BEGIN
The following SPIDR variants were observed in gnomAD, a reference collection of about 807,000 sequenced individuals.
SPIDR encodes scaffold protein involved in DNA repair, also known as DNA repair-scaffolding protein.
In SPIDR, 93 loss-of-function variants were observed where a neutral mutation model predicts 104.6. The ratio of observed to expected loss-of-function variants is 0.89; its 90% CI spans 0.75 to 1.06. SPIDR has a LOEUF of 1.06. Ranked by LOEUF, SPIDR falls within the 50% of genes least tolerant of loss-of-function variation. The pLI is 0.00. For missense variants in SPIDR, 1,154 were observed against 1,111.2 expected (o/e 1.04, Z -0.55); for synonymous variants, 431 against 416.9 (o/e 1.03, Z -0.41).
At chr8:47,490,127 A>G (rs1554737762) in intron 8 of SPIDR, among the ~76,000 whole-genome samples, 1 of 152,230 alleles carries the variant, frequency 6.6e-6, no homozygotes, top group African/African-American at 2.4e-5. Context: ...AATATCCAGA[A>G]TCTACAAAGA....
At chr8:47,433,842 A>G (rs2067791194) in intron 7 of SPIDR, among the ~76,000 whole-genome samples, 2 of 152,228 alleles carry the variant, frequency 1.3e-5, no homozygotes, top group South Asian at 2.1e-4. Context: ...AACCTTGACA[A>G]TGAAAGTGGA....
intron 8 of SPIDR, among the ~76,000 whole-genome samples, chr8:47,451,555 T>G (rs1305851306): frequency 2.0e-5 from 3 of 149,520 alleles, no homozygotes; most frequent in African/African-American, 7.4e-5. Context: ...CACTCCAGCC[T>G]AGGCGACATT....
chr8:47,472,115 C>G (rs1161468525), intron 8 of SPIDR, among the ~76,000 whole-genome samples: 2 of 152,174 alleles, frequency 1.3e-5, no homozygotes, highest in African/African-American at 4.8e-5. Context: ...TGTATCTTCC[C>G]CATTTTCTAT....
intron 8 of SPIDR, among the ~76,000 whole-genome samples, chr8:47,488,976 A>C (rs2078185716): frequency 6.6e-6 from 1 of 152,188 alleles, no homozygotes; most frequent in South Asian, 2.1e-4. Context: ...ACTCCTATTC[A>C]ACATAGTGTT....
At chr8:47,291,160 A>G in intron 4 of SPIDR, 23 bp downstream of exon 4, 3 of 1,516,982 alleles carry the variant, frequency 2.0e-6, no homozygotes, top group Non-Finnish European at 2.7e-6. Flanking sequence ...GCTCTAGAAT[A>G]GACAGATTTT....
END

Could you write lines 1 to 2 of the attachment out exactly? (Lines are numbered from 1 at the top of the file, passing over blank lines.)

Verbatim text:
The following SPIDR variants were observed in gnomAD, a reference collection of about 807,000 sequenced individuals.
SPIDR encodes scaffold protein involved in DNA repair, also known as DNA repair-scaffolding protein.